By Sarah A LoBisco, ND

image photo : Christmas cat

Phew, it’s the holiday season. I’m a December baby, so I have a double reason to love this time of year.  To me, this season is a time were the world gets softer and embraces quiet. Even amidst some not friendly shoppers, there’s an overall feeling that cuts through the materialism and lightens the hearts of many.

However, I am aware this may be a “Pollyanna” version of the holidays, but it is the perception I wish to hold. And, as I’ve spoken before, stressful thoughts and negative perceptions affect our biochemistry directly. By modulating the cellular environment through the signaling molecules the brain releases, stress and negative thought patterns impact our health.

image photo : Too many thoughts!

In fact, one recent study from Columbia University found that being stressed and anxious is as much a predictor of a heart attack as smoking five cigarettes a day!

image photo : Heart under attack

Think of how your body is impacted by hearing joyous vs. negative news. Did your heart race and mood drop when you learned of the recent events in Connecticut? Was your immune system impacted or your ability to focus at work sidetracked by the devastation of Hurricane Sandy?

It would be silly to gloss over the recent events with a positive thought. That’s not empathic or compassionate. I am too keenly aware of the many who are impacted and how the compounding stress of the holidays increases their grief.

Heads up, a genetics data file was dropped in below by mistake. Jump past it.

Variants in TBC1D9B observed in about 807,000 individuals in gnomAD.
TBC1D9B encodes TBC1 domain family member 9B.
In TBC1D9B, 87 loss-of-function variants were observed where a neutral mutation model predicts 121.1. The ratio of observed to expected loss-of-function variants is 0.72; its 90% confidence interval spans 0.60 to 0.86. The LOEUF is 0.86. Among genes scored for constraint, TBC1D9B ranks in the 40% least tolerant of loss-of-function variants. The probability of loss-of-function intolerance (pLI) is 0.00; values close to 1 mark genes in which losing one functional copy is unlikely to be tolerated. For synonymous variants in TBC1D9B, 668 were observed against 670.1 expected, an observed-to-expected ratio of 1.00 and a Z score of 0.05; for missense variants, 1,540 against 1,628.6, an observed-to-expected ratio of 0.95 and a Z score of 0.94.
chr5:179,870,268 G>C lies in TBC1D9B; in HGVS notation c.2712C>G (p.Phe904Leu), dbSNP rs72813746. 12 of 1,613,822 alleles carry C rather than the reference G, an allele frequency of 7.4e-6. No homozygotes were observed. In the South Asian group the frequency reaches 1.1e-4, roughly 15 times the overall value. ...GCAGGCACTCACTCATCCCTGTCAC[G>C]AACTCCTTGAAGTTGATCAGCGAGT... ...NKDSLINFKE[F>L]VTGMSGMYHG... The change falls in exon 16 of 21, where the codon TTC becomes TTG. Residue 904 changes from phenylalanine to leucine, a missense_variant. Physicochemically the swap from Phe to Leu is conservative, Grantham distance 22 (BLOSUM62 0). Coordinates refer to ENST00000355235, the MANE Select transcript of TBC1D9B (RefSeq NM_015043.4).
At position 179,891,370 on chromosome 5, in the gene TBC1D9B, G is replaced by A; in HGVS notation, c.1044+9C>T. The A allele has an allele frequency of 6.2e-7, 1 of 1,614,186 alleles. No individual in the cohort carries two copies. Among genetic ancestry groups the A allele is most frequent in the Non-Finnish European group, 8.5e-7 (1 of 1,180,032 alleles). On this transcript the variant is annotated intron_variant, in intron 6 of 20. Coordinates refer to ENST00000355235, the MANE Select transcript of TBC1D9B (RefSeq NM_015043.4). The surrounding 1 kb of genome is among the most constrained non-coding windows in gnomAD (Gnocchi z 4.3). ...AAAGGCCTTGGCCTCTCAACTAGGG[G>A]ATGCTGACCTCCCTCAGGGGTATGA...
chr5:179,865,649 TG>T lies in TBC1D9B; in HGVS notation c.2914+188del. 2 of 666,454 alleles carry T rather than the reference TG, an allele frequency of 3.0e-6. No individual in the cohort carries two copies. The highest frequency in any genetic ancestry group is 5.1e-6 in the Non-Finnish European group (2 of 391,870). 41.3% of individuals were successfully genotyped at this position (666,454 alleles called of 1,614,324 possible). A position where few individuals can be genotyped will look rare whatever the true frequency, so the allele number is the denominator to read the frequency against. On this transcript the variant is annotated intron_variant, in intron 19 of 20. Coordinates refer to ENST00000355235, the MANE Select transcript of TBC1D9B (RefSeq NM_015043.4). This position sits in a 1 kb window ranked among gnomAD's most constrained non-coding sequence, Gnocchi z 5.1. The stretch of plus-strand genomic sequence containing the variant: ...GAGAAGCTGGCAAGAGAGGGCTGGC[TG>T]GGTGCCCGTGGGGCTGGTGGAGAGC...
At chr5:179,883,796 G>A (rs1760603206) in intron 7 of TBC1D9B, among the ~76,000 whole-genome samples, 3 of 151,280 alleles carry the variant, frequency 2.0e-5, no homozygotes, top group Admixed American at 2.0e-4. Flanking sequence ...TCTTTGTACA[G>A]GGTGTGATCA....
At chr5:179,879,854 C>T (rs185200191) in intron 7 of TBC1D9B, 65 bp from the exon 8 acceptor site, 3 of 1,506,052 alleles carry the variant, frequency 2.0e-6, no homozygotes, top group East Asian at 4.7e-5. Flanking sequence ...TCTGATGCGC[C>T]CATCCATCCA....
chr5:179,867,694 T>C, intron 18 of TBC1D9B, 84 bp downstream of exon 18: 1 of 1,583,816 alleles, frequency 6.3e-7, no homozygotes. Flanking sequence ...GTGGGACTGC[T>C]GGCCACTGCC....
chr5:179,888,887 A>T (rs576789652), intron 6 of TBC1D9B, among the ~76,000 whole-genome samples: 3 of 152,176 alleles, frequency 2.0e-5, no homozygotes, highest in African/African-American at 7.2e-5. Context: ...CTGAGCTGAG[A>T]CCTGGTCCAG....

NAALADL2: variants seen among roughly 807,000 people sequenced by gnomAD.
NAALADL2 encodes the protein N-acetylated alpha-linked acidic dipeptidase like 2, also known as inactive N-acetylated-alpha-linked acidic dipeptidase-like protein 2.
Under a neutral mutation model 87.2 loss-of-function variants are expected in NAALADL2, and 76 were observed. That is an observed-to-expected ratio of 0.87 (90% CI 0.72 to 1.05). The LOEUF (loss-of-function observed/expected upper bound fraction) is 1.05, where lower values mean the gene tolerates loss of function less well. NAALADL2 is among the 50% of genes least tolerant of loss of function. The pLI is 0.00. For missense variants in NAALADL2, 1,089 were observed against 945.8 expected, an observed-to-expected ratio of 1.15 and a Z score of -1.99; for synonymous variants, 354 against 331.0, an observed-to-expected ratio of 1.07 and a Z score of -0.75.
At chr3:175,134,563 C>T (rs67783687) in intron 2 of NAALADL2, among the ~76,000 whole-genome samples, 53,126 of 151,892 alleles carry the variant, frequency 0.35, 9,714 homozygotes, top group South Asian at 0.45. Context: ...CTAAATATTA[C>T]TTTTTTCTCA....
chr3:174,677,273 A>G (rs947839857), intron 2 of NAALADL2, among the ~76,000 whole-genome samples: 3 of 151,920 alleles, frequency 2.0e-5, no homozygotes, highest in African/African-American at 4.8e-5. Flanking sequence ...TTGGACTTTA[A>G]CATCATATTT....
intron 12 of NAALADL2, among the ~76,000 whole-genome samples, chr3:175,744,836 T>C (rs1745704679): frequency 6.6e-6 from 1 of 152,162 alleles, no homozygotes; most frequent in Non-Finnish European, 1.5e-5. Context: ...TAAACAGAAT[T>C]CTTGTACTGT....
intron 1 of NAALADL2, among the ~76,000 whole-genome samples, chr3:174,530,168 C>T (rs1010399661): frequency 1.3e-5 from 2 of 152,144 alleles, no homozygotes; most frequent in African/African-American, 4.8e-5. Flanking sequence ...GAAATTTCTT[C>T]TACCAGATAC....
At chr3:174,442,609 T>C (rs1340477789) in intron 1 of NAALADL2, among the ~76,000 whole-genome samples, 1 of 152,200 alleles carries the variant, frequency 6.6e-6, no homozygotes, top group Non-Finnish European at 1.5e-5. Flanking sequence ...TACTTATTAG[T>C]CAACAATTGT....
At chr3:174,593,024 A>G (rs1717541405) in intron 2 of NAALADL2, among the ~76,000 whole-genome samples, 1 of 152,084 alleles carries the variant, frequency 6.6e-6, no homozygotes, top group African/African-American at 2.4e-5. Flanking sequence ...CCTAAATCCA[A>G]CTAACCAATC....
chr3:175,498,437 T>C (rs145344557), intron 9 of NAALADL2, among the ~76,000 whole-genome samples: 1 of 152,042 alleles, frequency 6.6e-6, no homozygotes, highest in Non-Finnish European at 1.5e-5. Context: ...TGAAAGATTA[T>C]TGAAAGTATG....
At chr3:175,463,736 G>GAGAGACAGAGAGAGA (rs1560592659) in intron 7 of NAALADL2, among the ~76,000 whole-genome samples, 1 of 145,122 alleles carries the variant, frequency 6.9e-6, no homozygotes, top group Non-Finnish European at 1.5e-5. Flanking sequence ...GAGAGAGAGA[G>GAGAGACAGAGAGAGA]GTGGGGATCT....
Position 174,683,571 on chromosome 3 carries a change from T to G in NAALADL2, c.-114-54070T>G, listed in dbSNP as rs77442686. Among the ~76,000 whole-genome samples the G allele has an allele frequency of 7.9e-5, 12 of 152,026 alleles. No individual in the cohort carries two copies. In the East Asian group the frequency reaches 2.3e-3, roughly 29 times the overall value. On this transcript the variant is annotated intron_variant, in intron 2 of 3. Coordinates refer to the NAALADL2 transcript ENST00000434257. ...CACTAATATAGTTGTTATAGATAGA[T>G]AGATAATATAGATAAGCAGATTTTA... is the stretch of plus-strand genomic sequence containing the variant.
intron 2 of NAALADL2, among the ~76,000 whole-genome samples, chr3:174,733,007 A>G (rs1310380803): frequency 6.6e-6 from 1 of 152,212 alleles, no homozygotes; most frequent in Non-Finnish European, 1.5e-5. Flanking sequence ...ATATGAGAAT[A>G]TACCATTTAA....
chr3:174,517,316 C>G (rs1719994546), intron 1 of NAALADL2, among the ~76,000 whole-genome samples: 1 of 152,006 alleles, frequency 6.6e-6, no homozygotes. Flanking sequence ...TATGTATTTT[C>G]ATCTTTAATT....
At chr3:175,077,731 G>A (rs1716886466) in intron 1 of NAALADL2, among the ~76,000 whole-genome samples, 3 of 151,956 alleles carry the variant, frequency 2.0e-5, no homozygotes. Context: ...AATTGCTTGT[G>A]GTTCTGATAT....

Therefore, I felt called to reiterate in this blog exactly how thoughts and stress affects our body. Later on, I will also provide tools which empower us to focus on new solutions (vs. repeating the same behaviors and thought-patterns) to life’s struggles. In fact, it is only when one will take a deep breath and step back that true and innovative solutions have space to come through.

Chronic Stress and Brain Remodeling (The “WONK-FACTOR”)

image photo : Thoughts in man's head

As I was researching the biochemistry behind brain smarts and stress, I came across a study by of all names, Nguyen et al. It showed that rats who produced a stress response (by releasing glucocorticoid hormones, such as cortisol), produced less of the inflammatory signal IL-B (which also regulates pain sensitivity and immune response) in comparison to control rats. This study provides an insight on how stress contributes to an inflamed brain and body.

Another rodent study utilized a technique to locate and measure DNA and RNA fingerprints in rat brains to assess stress impacts. Their results demonstrated how stress decreases our capacity to remember things. Specifically, brain-derived neurotropic factor (BDNF) (a chemical that is important for neuronal survival and plasticity), is decreased with acute stress in the memory region of the brain, the hippocampus.

Now the proof doesn’t end with rats!

One study reported that stress on a mammalian brain affected memory capacity. It lead to decreased neurogenesis (building new brain pathways) and created negative changes in mood.

image photo : Woman with stress in the office

The Reaction-Response:  The “Wonky Brain Effect”

This section is dedicated to my fellow patients and colleagues who belong to my “biochemistry medical geek team.”

Those who are less interested in the body effects keep scrolling down for solutions….

1. Stressful thoughts trigger the release of stress hormones (such as cortisol and other glucocorticoids), and various neurotransmitters (such as epinephrine and norepinephrine).